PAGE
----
There are few graphic designers with a reputation like Paula Scher.
Described by the New Yorker as being “responsible for some of the most recognisable graphics around,” Scher has been at the pinnacle of her profession for decades. After taking a course in graphic design at art school because “it was a field about ideas - and I had ideas,” Scher began her career in the 1970s as an art director with a specialism in using typography to bring to life album covers for artists as diverse as Charles Mingus and Cheap Trick. A partner at the famous design agency, Pentagram, in New York since 1991, Scher has produced an astonishing range of work which has influenced a generation of designers.
This includes everything from iconic logos for Citi through to highly distinctive visual identities for the Museum of Modern Art, pictured, and, most famously, the Public Theater in Lower Manhattan. In recent years, Scher has given a series of interviews where she has shared some gems about her inspiration and processes that are a must-read for aspiring designers.
“I think you can’t be successful without having failures,” Scher has explained. “And I don’t think that success leads you anywhere. “Because when you’re successful, you tend to repeat those things you already know how to do, and they become terrible crutches.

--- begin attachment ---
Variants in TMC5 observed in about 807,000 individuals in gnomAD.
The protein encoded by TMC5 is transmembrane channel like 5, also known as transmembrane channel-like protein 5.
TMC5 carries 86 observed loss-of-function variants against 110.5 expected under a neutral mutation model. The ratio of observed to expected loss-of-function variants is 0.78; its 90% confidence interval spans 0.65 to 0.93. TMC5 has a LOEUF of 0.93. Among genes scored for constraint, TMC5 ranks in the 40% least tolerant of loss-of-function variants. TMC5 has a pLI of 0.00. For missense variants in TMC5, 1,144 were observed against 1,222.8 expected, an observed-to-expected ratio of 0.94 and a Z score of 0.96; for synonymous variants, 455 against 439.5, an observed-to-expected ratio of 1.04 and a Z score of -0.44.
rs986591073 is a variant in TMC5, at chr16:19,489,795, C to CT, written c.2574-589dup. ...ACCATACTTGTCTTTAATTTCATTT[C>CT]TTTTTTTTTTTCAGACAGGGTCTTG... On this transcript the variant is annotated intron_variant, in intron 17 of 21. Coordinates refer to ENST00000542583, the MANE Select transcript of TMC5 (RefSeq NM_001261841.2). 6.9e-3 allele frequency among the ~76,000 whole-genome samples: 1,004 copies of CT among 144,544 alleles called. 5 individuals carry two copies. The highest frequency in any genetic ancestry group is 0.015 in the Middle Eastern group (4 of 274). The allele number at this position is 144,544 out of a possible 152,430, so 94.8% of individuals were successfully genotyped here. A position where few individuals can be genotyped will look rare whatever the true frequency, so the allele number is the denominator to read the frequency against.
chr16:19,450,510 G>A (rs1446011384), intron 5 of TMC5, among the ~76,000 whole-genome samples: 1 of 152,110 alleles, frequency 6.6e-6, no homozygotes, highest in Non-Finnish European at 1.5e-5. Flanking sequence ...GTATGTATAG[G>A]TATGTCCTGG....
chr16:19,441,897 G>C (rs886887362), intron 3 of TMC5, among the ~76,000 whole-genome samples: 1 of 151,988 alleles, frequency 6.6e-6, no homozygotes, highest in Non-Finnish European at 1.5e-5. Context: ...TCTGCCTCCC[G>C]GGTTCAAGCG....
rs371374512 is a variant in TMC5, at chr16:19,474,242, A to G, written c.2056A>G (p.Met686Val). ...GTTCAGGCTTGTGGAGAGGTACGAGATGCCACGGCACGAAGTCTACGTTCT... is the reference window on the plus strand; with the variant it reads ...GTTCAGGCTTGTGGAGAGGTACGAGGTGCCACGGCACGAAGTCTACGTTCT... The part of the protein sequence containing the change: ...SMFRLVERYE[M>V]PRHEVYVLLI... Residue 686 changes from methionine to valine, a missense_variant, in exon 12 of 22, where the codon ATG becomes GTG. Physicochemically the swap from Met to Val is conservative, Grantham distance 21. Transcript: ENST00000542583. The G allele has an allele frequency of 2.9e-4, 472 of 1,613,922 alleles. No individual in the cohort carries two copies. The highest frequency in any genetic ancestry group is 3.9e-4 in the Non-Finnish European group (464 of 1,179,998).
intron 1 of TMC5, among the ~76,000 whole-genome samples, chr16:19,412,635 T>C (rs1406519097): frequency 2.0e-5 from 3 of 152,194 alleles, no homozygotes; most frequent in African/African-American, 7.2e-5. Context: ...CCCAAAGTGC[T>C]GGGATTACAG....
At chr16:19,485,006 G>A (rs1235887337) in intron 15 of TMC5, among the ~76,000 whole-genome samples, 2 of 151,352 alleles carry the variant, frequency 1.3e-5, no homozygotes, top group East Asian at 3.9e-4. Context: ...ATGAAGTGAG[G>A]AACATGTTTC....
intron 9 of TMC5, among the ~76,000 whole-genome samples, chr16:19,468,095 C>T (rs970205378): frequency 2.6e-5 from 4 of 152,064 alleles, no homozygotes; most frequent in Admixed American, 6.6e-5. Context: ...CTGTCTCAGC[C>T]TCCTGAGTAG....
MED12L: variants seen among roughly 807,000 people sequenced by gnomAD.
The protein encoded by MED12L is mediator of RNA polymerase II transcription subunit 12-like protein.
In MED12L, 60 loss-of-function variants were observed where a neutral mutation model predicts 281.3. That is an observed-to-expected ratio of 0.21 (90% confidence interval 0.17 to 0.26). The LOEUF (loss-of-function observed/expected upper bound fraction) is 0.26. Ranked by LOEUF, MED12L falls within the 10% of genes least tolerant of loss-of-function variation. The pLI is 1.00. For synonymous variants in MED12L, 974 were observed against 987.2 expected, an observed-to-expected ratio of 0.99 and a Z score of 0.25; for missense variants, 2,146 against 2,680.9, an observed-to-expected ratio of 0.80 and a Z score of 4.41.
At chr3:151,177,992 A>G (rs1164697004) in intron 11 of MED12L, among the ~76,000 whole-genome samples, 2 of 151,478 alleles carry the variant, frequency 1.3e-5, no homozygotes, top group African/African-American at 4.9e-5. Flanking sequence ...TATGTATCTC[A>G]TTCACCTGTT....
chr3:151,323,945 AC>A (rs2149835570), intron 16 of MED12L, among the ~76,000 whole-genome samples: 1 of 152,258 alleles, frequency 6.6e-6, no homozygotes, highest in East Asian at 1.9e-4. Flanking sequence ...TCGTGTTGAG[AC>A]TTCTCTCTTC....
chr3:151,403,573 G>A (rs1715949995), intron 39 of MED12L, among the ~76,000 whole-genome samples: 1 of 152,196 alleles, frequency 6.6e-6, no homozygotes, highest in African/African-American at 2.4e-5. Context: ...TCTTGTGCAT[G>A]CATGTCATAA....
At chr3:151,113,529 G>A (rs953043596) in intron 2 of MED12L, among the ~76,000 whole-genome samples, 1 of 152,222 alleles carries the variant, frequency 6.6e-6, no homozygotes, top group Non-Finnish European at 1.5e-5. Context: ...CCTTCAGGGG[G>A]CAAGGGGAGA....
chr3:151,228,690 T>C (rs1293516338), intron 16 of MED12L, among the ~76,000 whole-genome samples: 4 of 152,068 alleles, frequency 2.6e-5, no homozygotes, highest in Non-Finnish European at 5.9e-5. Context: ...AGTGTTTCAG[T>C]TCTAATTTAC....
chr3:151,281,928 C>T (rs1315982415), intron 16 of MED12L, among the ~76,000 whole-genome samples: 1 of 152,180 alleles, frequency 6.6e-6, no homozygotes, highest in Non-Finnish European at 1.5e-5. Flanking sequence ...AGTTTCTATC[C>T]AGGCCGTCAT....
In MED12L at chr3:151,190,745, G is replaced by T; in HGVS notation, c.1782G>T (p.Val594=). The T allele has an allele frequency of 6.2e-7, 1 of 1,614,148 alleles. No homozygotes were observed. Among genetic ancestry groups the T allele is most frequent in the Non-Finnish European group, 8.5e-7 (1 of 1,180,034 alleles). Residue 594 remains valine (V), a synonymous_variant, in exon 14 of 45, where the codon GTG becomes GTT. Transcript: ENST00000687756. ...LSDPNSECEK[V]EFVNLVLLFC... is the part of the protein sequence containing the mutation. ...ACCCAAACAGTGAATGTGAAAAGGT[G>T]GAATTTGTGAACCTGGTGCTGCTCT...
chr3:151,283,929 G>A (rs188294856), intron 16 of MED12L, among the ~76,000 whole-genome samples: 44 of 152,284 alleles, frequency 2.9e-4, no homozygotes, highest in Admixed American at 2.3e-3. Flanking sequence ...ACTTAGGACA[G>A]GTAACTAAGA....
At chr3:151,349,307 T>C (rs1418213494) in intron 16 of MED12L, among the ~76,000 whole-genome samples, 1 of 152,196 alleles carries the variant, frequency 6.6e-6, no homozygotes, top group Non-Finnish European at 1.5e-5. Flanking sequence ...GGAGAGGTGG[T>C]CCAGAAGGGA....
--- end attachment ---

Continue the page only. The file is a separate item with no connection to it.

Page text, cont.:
“Nothing like a good, sloppy failure to wake you up and make you reinvent.”
And reinvention is at the heart of Scher’s work.
“Designers have to grow, because otherwise, design doesn’t grow. Designers, as they’re producing and making things, cannot rely on past successes, because that is the path to mediocrity.
“If you make what is already perceived as good, by definition, you’re mediocre. “You have to find the next way to do it that hasn’t been thought of before. “Very often, you make failures on your way to do that because it involves experimentation and it involves risk-taking.”
Scher’s advice for new designers? “Keep it simple. Make it smart.”
Scher was recently featured in the Netflix documentary series Abstract: The Art of Design, which I recommend.
By Guy Cookson, Partner at Hotfoot Design